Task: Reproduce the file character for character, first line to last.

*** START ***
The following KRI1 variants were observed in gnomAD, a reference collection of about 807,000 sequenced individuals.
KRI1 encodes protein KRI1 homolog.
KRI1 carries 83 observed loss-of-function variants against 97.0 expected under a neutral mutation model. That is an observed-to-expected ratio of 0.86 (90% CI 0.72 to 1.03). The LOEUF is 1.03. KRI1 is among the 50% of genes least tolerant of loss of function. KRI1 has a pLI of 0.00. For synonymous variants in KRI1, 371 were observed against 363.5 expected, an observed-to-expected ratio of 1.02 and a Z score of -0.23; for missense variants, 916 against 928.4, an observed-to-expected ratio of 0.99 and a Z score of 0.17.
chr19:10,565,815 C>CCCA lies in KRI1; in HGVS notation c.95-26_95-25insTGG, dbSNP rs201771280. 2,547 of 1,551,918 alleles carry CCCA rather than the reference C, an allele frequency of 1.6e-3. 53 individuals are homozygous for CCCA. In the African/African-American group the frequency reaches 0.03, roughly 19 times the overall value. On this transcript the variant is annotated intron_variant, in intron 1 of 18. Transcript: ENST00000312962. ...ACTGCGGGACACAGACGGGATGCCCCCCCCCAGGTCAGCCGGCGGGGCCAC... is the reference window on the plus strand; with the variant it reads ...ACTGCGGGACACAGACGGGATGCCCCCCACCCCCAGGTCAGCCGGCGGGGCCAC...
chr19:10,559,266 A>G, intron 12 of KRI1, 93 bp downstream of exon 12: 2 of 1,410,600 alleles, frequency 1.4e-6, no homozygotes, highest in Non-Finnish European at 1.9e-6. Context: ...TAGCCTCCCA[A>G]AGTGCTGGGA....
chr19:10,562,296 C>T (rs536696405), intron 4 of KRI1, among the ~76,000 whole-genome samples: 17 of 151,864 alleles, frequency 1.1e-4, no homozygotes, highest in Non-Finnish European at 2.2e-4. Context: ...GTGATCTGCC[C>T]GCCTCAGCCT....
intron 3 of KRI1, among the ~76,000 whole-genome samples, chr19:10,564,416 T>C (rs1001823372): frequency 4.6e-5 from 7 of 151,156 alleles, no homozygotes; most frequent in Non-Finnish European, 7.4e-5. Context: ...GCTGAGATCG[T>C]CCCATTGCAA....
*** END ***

The following KRI1 variants were observed in gnomAD, a reference collection of about 807,000 sequenced individuals.
KRI1 encodes protein KRI1 homolog.
KRI1 carries 83 observed loss-of-function variants against 97.0 expected under a neutral mutation model. That is an observed-to-expected ratio of 0.86 (90% CI 0.72 to 1.03). The LOEUF is 1.03. KRI1 is among the 50% of genes least tolerant of loss of function. KRI1 has a pLI of 0.00. For synonymous variants in KRI1, 371 were observed against 363.5 expected, an observed-to-expected ratio of 1.02 and a Z score of -0.23; for missense variants, 916 against 928.4, an observed-to-expected ratio of 0.99 and a Z score of 0.17.
chr19:10,565,815 C>CCCA lies in KRI1; in HGVS notation c.95-26_95-25insTGG, dbSNP rs201771280. 2,547 of 1,551,918 alleles carry CCCA rather than the reference C, an allele frequency of 1.6e-3. 53 individuals are homozygous for CCCA. In the African/African-American group the frequency reaches 0.03, roughly 19 times the overall value. On this transcript the variant is annotated intron_variant, in intron 1 of 18. Transcript: ENST00000312962. ...ACTGCGGGACACAGACGGGATGCCCCCCCCCAGGTCAGCCGGCGGGGCCAC... is the reference window on the plus strand; with the variant it reads ...ACTGCGGGACACAGACGGGATGCCCCCCACCCCCAGGTCAGCCGGCGGGGCCAC...
chr19:10,559,266 A>G, intron 12 of KRI1, 93 bp downstream of exon 12: 2 of 1,410,600 alleles, frequency 1.4e-6, no homozygotes, highest in Non-Finnish European at 1.9e-6. Context: ...TAGCCTCCCA[A>G]AGTGCTGGGA....
chr19:10,562,296 C>T (rs536696405), intron 4 of KRI1, among the ~76,000 whole-genome samples: 17 of 151,864 alleles, frequency 1.1e-4, no homozygotes, highest in Non-Finnish European at 2.2e-4. Context: ...GTGATCTGCC[C>T]GCCTCAGCCT....
intron 3 of KRI1, among the ~76,000 whole-genome samples, chr19:10,564,416 T>C (rs1001823372): frequency 4.6e-5 from 7 of 151,156 alleles, no homozygotes; most frequent in Non-Finnish European, 7.4e-5. Context: ...GCTGAGATCG[T>C]CCCATTGCAA....